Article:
status = Projector::Make(input_schema, expressions, &projector);

std::shared_ptr<Filter> filter;
status = Filter::Make(input_schema, condition, &filter);

Once a Projector or Filter is created, it can be evaluated on Arrow record batches. These execution kernels are single-threaded on their own, but are designed to be reused to process distinct record batches in parallel.

Evaluating projections#

Execution is performed with Projector::Evaluate(). This outputs a vector of arrays, which can be passed along with the output schema to arrow::RecordBatch::Make().

auto pool = arrow::default_memory_pool();
int num_records = 4;
arrow::Int32Builder builder;
int32_t values[4] = {1, 2, 3, 4};
ARROW_RETURN_NOT_OK(builder.AppendValues(values, 4));
ARROW_ASSIGN_OR_RAISE(std::shared_ptr<arrow::Array> array, builder.Finish());
auto in_batch = arrow::RecordBatch::Make(input_schema, num_records, {array});

arrow::ArrayVector outputs;
status = projector->Evaluate(*in_batch, pool, &outputs);
std::shared_ptr<arrow::RecordBatch> result =
    arrow::RecordBatch::Make(output_schema, outputs[0]->length(), outputs);

Evaluating filters#

Filter::Evaluate() produces SelectionVector, a vector of row indices that matched the filter condition. The selection vector is a wrapper around an arrow integer array, parameterized by bitwidth. When creating the selection vector (you must initialize it before passing to Evaluate()), you must choose the bitwidth, which determines the max index value it can hold, and the max number of slots, which determines how many indices it may contain. In general, the max number of slots should be set to your batch size and the bitwidth the smallest integer size that can represent all integers less than the batch size. For example, if your batch size is 100k, set the maximum number of slots to 100k and the bitwidth to 32 (since 2^16 = 64k which would be too small).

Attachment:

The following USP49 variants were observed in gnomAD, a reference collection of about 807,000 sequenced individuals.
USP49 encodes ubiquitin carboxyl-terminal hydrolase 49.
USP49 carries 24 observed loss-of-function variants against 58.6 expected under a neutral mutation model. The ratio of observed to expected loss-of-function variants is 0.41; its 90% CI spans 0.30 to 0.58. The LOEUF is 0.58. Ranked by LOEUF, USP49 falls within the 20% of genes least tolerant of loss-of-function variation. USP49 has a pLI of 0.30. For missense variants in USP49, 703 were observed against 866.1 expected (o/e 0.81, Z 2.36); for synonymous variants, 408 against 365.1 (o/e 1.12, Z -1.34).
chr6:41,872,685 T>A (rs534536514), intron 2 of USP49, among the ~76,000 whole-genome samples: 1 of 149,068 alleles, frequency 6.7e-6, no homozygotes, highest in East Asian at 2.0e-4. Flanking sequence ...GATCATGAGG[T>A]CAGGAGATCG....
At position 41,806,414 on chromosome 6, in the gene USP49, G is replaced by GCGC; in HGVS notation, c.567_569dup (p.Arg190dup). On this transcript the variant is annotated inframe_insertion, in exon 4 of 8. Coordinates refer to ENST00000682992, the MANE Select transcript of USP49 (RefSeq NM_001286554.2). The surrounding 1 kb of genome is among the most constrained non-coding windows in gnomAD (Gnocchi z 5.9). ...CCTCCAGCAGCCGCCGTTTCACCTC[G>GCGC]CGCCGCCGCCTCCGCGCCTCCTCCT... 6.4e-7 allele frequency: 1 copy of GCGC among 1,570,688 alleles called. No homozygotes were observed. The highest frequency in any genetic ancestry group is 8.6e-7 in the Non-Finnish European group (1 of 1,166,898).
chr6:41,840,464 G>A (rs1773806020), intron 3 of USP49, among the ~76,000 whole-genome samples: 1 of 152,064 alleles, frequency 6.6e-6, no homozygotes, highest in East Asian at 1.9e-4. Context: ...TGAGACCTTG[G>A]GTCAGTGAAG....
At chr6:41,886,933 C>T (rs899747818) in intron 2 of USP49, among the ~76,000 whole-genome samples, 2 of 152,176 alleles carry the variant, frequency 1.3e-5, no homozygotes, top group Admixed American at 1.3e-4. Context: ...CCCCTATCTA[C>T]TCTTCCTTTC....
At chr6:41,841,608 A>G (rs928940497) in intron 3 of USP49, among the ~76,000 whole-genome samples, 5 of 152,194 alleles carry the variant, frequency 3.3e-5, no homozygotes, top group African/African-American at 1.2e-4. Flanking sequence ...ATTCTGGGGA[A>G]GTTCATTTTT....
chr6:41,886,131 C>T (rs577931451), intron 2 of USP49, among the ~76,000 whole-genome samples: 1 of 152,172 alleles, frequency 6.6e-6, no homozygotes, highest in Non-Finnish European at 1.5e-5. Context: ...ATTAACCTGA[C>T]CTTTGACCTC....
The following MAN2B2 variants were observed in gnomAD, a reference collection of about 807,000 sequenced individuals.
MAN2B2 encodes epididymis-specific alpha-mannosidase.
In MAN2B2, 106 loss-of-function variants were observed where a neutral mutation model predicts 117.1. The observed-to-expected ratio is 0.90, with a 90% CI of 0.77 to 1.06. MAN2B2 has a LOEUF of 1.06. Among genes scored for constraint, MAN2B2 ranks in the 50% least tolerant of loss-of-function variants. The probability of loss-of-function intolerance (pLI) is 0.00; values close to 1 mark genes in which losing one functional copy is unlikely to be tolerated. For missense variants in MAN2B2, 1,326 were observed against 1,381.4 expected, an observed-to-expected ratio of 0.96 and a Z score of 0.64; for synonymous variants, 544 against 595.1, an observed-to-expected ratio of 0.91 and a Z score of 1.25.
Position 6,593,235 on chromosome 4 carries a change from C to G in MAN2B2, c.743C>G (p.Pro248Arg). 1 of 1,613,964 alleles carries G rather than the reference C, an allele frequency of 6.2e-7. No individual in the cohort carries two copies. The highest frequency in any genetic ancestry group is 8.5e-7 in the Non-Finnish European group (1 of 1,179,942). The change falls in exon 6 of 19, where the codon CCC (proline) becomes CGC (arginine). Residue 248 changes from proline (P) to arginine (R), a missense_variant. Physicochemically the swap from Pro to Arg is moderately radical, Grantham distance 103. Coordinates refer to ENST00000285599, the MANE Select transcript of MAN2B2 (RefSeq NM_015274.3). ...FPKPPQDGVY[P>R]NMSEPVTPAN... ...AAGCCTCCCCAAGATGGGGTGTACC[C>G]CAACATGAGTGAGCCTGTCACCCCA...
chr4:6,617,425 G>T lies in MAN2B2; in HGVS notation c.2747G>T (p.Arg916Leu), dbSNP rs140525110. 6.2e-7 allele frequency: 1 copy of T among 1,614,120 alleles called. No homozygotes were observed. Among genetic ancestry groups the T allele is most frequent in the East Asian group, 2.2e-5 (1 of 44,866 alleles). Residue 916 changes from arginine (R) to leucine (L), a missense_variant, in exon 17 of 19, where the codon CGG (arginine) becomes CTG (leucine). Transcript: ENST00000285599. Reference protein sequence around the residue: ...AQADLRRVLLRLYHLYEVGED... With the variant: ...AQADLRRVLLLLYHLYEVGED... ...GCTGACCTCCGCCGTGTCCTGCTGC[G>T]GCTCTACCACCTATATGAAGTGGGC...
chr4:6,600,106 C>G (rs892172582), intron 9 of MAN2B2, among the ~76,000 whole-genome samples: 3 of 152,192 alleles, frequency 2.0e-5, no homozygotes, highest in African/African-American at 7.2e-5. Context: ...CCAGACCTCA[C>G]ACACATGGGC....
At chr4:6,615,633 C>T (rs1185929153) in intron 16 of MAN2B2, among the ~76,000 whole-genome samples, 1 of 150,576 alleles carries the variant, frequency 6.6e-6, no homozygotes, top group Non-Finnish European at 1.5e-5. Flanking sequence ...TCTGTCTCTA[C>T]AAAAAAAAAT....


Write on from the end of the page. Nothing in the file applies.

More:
Once Evaluate() has been run and the SelectionVector is populated, use the SelectionVector::ToArray() method to get the underlying array and then ::arrow::compute::Take() to materialize the output record batch.

std::shared_ptr<gandiva::SelectionVector> result_indices;
// Use 16-bit integers for indices. Result can be no longer than input size,
// so use batch num_rows as max_slots.
status = gandiva::SelectionVector::MakeInt16(/*max_slots=*/in_batch->num_rows(), pool,
status = filter->Evaluate(*in_batch, result_indices);
std::shared_ptr<arrow::Array> take_indices = result_indices->ToArray();
Datum maybe_batch;
                      arrow::compute::Take(Datum(in_batch), Datum(take_indices),
result = maybe_batch.record_batch();

Evaluating projections and filters#

Finally, you can also project while apply a selection vector, with Projector::Evaluate(). To do so, first make sure to initialize the Projector with SelectionVector::GetMode() so that the projector compiles with the correct bitwidth. Then you can pass the SelectionVector into the Projector::Evaluate() method.

// Make sure the projector is compiled for the appropriate selection vector mode
status = Projector::Make(input_schema, expressions, result_indices->GetMode(),
                         ConfigurationBuilder::DefaultConfiguration(), &projector);

arrow::ArrayVector outputs_filtered;
status = projector->Evaluate(*in_batch, result_indices.get(), pool, &outputs_filtered);

result =
    arrow::RecordBatch::Make(output_schema, outputs[0]->length(), outputs_filtered);